Evidence from the United Kingdom Millennium Cohort on children at ages 3 and 5 with older siblings addresses the questions of whether those living with both biological parents and only full siblings have better emotional and behavior outcomes than other children, and whether nonfull siblings affect children's outcomes independently of parents' partnership status. Adjusting for measured family circumstances and resources in cross‐sectional regressions accounted for much of the adverse association of family complexity with child outcomes. Controlling for unobserved family and child fixed effects did not, however, attenuate all estimates further. Fixed unobservable factors appeared to be masking underlying associations. Allowing for them intensified some, albeit modest, estimates. These revealed excess externalizing behavior problems for boys with single or stepparents but only full siblings. For girls with single mothers, the chances of internalizing problems were raised. Whether siblings were full or not made little difference to outcomes in general.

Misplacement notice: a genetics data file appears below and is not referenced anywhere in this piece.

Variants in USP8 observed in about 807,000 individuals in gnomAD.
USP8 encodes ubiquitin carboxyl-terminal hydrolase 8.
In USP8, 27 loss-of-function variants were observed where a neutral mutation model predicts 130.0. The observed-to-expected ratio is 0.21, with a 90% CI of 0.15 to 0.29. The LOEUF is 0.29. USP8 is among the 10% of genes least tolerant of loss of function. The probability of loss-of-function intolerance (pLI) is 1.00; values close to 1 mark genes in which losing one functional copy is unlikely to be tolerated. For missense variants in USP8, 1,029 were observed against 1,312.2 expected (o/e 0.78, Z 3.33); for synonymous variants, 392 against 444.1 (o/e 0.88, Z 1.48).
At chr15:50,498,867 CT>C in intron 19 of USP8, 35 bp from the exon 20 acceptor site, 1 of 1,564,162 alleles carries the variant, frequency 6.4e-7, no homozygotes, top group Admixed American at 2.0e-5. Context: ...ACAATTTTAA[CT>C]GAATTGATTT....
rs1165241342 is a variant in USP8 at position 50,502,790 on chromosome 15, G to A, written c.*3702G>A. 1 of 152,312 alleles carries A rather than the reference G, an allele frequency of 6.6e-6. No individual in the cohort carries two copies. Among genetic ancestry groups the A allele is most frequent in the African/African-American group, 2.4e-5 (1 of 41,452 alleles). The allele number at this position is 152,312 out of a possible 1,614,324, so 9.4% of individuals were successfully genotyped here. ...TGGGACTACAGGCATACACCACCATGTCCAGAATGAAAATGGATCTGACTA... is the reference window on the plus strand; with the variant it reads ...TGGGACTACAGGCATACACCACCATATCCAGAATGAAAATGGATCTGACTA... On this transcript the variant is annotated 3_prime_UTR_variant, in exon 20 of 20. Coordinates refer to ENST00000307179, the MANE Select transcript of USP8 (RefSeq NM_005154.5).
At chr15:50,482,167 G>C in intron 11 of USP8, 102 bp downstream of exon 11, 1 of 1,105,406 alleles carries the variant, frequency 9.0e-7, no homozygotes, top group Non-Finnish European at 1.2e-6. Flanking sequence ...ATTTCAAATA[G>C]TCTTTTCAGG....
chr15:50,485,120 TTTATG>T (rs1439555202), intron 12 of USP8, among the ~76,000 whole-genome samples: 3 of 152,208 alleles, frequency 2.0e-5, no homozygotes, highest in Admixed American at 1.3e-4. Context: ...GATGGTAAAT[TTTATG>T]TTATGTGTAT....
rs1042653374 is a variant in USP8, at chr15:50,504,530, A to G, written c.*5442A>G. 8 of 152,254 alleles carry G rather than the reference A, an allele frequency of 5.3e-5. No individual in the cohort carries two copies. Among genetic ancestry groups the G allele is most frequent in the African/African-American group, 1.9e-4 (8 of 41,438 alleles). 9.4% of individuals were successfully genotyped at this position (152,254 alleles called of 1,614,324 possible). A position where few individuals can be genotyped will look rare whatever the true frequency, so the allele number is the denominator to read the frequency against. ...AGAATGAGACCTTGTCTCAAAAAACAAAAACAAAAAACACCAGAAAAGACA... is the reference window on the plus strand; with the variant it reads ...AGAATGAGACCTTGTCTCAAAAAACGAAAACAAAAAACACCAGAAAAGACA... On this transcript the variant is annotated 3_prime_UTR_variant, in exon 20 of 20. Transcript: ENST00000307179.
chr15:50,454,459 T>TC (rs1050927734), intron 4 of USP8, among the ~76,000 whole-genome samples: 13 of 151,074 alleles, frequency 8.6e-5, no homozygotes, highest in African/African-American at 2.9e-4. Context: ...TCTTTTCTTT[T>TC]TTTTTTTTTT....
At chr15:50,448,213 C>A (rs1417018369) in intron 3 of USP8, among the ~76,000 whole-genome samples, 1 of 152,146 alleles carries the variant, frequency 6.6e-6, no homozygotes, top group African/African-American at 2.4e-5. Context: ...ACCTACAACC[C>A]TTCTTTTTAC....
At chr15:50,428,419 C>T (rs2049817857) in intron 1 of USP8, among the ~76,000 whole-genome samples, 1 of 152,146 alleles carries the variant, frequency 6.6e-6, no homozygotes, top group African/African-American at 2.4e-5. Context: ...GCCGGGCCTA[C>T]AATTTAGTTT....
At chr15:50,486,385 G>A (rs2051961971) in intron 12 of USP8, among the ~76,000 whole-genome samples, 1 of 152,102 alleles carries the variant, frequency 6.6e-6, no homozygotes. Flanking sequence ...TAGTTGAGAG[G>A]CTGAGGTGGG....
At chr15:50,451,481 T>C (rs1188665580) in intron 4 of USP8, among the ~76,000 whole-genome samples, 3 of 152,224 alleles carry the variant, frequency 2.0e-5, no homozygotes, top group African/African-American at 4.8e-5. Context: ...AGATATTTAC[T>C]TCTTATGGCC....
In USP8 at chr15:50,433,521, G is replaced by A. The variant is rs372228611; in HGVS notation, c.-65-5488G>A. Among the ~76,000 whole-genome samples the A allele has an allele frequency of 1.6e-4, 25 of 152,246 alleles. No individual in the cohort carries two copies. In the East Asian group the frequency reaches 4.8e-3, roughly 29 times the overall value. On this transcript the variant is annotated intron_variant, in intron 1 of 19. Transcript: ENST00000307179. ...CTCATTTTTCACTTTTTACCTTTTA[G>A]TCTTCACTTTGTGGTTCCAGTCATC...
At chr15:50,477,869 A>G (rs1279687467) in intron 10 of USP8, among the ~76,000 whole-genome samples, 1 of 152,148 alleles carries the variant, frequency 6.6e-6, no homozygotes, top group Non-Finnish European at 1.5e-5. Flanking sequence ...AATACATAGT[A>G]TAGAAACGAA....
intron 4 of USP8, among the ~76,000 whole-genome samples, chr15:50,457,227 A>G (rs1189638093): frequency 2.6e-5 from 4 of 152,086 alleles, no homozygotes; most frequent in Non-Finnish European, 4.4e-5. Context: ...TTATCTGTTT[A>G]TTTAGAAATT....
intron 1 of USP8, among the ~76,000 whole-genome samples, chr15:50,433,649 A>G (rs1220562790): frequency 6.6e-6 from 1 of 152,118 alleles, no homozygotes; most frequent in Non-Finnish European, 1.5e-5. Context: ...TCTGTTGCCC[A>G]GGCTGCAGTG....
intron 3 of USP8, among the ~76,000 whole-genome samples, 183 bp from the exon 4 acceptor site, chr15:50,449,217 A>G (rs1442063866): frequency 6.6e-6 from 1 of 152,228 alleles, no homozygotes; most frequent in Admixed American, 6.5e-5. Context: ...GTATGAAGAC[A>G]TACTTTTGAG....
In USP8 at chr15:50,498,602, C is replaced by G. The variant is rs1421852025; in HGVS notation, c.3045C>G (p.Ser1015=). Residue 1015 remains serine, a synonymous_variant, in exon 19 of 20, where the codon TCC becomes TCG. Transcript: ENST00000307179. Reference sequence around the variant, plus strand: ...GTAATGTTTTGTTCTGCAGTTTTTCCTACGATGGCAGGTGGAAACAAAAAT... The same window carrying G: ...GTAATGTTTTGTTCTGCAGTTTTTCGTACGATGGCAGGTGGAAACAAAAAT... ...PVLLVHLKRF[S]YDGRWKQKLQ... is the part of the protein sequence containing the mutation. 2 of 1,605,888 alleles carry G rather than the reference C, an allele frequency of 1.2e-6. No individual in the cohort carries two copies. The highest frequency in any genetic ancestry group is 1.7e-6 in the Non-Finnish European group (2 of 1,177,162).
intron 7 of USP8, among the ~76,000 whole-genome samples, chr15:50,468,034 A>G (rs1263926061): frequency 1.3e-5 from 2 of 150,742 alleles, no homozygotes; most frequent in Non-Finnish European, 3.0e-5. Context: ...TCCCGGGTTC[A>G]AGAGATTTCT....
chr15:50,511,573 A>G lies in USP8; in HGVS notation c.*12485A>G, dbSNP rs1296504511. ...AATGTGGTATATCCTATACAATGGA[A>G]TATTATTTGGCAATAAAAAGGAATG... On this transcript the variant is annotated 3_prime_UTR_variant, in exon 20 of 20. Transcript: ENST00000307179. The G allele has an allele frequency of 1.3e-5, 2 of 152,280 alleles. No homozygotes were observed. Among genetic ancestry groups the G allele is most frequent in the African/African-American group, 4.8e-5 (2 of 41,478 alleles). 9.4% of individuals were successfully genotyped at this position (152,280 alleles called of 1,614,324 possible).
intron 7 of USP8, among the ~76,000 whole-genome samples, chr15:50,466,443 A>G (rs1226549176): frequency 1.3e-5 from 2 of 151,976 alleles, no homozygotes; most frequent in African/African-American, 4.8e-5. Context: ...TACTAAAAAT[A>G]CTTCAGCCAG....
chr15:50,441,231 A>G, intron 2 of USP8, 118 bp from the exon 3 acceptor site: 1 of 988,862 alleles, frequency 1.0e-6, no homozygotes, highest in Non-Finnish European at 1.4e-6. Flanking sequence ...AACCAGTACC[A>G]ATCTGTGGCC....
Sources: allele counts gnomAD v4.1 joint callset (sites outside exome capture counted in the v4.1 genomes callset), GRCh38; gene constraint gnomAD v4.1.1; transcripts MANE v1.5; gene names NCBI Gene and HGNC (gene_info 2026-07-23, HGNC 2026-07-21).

Keywords: child well‐being, family structure, longitudinal research, siblings, stepfamilies
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